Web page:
NASA SBIR 2010 Solicitation
FORM B - PROPOSAL SUMMARY
||Detector Technologies for UV, X-Ray, Gamma-Ray and Cosmic-Ray Instruments
||Novel Silicon Carbide Deep Ultraviolet Detectors: Device Modeling, Characterization, Design and Prototyping
SMALL BUSINESS CONCERN (Firm Name, Mail Address, City/State/Zip, Phone)
7101 Poplar Avenue
Takoma Park, MD 20912 - 4671
PRINCIPAL INVESTIGATOR/PROJECT MANAGER (Name, E-mail, Mail Address, City/State/Zip, Phone)
7101 Poplar Avenue
Takoma Park, MD 20912 - 4671
Estimated Technology Readiness Level (TRL) at beginning and end of contract:
TECHNICAL ABSTRACT (Limit 2000 characters, approximately 200 words)
Silicon Carbide deep UV detectors can achieve large gains, high signal-to-noise ratios and solar-blind operation, with added benefits of smaller sizes, lower operating voltages, radiation hardness, ruggedness and scalability. The design, fabrication and optimization of SiC UV APDs is challenging due to some material defects, relatively not-well modeled device operation, and very high absorption coefficients near 100nm wavelengths. These challenges can be overcome with detailed co-modeling, characterization, design and fabrication. Successfully operating SiC UV detectors are of utmost importance for astronomy, space exploration, upper atmosphere monitoring, and systems such as Non-Line-of-Sight (NLoS) communication.
Through Phase I and Phase II, we propose to develop Silicon Carbide (SiC) based UV detectors for space applications. The initial target is the 100nm to 300nm wavelength range, with the peak responsivity expected to be within the 200nm-300nm interval. For the 100nm-200nm wavelength range, we will experiment with the use of an AlGaN cap-layer as the absorber and SiC as the multiplier.
Phase I effort will focus on the design and detailed physics based simulation of these SiC APD structures. We will use SiC UV detectors fabricated by the GE Global Research Center and AlGaN APDs from University of Maryland for measurements and calibration.
POTENTIAL NASA COMMERCIAL APPLICATIONS (Limit 1500 characters, approximately 150 words)
NASA has several applications for deep ultraviolet detectors. These range from long-range mission applications such as those for the Europa-Jupiter-Saturn Mission (EJSM) to earth-orbit missions.
EJSM Applications: Radiation hardened deep UV detectors are ideal for the UV Spectrometer (UVS) scheduled to be included in the payload for the Jupiter-Europa-Orbiter (JEO) that is part of the EJSM. This project can partially satisfy the requirement of EUV+FUV (70-200nm) scan range for the JEO and the FUV+MUV (110-330nm) range for the Jupiter-Ganymede-Orbiter (JGO) Since radiation levels in the MRad range are estimated for the EJSM, the Phase II effort of this program on developing rad-hard readout electronics based on the current CoolCAD-NASA program experience with cryogenic and radiation testing of bulk and SOS devices for NASA, can prove to be very valuable.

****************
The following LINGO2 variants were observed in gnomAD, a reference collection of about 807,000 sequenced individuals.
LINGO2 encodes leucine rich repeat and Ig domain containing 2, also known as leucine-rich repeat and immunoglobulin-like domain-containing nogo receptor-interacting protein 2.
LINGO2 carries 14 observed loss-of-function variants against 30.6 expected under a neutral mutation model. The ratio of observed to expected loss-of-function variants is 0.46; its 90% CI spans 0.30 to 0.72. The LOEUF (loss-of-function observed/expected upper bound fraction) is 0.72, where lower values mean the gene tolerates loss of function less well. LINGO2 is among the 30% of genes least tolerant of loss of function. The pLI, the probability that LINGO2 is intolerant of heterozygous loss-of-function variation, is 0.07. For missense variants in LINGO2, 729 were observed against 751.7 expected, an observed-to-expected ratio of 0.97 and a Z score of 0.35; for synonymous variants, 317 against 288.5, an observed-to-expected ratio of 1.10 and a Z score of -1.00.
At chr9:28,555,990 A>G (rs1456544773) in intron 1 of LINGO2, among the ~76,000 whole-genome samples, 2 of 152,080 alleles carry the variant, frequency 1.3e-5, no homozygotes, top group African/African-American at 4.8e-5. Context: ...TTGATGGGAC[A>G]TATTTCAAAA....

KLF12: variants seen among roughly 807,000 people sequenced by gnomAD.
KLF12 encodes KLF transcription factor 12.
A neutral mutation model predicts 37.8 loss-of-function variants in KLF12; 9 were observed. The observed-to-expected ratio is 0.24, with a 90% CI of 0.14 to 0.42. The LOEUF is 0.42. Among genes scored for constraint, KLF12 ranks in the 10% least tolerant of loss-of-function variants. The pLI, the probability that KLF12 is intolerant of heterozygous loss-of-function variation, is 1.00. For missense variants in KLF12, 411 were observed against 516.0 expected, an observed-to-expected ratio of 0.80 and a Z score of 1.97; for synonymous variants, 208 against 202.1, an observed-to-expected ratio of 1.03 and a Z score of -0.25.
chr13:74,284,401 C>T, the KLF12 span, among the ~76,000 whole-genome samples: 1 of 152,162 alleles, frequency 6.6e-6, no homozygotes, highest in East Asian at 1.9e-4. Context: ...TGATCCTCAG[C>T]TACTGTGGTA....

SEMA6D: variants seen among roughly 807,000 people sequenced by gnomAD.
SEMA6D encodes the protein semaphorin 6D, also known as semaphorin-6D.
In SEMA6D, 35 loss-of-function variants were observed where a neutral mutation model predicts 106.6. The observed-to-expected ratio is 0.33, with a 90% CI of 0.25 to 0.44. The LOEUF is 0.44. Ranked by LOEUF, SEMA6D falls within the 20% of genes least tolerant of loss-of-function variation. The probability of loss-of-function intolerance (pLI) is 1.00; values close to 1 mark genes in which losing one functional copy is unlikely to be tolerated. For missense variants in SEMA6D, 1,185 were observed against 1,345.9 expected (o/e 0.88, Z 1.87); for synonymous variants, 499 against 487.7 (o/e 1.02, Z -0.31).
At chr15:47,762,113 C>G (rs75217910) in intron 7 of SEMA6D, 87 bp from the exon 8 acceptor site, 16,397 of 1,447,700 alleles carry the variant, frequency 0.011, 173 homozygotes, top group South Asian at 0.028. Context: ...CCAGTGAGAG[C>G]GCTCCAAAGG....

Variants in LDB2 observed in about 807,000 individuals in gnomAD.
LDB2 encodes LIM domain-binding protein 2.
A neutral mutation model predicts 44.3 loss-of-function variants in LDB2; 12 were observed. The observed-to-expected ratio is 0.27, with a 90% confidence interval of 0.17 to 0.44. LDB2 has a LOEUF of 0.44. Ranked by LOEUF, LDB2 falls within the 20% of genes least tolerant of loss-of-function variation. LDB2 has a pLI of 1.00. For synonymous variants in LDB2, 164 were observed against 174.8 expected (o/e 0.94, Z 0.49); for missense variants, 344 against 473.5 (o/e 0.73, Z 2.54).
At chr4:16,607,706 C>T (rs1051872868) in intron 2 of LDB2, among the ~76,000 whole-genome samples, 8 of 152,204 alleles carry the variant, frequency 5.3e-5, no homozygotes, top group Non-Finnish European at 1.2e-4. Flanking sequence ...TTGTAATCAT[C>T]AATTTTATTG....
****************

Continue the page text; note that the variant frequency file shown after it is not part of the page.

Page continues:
Earth Orbit Mission Applications: Deep UV detectors and associated readout electronics that is designed to be radiation hard and visible and solar blind, can be used extensively for next generation hyperspectral Earth remote sensing experiments. Deep UV detectors can be used as EUV photon counters for detecting ozone in the earth's atmosphere, and for detecting hydrogen by measuring the Lyman-alpha radiation.
POTENTIAL NON-NASA COMMERCIAL APPLICATIONS (Limit 1500 characters, approximately 150 words)
Deep UV detectors as well as sources are important for the semiconductor industry for lithography applications. For next generation deep submicron devices, deep UV detectors and instruments are necessary to achieve feature sizes that are comparable or less than the photon wavelength.
Deep UV detectors are also one of the enabling technologies for UV Non-Line-of-Sight (NLoS) communication networks that have the added benefit of data security. Additionally, these SiC APDs can be used for flare detection in oil-wells and jet engines, and in the fields of bio-detection and radiation detection.
TECHNOLOGY TAXONOMY MAPPING (NASA's technology taxonomy has been developed by the SBIR-STTR program to disseminate awareness of proposed and awarded R/R&D in the agency. It is a listing of over 100 technologies, sorted into broad categories, of interest to NASA.)
Analytical Instruments (Solid, Liquid, Gas, Plasma, Energy; see also Sensors)
Circuits (including ICs; for specific applications, see e.g., Communications, Networking & Signal Transport; Control & Monitoring, Sensors)
Detectors (see also Sensors)
Materials (Insulator, Semiconductor, Substrate)
Optical/Photonic (see also Photonics)
Form Generated on 09-03-10 12:12